“OK,” says Tamar. “Let me just empty my pockets. What have we here? A signet ring?” Judah looks at the ring and he has one second to thin. Can you imagine? If he stops her from going into the fire, then he has to explain who got her pregnant. Immediately, Judah reacts. “She is the righteous one. I am crooked.” But that wasn’t a change of his personality. That was an expression of that which was already inside of him. He didn’t have time to deliberate and change his personality. That was his natural response to the situation.
The Angels say, “It’s wonderful. God will forgive you. But the kind of Teshuva that God wants is when you are truly willing to redefine yourself. That can only come after the blessing of ata Chonein l’adom Da’at that we have awareness, a perception, an understanding, of what we are doing. That’s the only way to have a true Teshuva.
That’s those two blessings. But there is a progression of one blessing to the next. I don’t know if you’ve ever experienced this, but I have: when you do Teshuva for something, and you have mixed feelings whether you should have done something or not. Imagine a person who had a college guide in his college days, and got around. He becomes more observant, and he doesn’t get around as much anymore. He is happy married, and he wants to do Teshuva. But he is bothered about his past. The reason he is bothered is that he doesn’t really regret what he did. He enjoyed it. It’s a part of him. It’s not something he can erase. It’s literally a part of his personality. If fact, it enhances his religiosity because it was the ability to reject that way of life and to choose a new way of life. So he can’t really cut himself off from the past.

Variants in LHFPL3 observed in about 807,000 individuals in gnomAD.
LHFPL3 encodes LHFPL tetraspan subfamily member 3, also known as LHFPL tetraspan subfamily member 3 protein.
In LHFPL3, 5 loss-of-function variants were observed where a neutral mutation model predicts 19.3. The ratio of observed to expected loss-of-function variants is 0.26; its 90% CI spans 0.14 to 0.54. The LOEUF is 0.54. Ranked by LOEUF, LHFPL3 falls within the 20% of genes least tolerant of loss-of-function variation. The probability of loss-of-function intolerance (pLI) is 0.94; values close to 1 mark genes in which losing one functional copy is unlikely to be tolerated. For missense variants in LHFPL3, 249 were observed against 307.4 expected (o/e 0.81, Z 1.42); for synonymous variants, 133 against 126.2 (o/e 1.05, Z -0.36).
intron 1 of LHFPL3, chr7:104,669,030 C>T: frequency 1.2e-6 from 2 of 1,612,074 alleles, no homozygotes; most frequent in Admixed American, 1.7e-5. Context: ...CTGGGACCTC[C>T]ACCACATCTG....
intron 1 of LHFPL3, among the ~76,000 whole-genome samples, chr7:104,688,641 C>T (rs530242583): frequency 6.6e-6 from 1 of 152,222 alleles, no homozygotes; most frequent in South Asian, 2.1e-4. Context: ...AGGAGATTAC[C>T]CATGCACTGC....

There was a man who came to me in one of the synagogues that I previously served who literally described this situation. He took his wife to an OB/GYN when he found out his wife was pregnant, and there sitting in the office, were three women who had had abortions of babies that were his. The day after telling me he said, “I can’t just walk away from my past like that.”
Can you relate to that? When you want to do Teshuva for things done in the past, but you can’t cut yourself off from the pleasure of the past. But even if you can cut yourself off from the pleasure of the past, if you grew from the experience, then you can’t just cut off from it because there was some good to it. But if I say that there was something good in it, does that mean that my Teshuva was incomplete? .
Therefore, after the blessing of Teshuva comes the blessing of ha’marbeh lisloach – “the One Who pardons.” That is, ‘the One Who removes the barriers.’ There is forgiveness even where the Teshuva is not yet complete. There is atonement. The evil that you did can be erased and even turned into a positive, which happens to be what the Gemara says. The blessing of s’lach lanu comes to teach us that someone who wants to do Teshuva feels barriers. (“How can I do Teshuva if I know that I will probably do it again?” “I would like to improve, but I’m doing it really slowly. Not everything is consistent.”) In this blessing, we ask God to remove the barriers that have been erected because of the sins that we have done.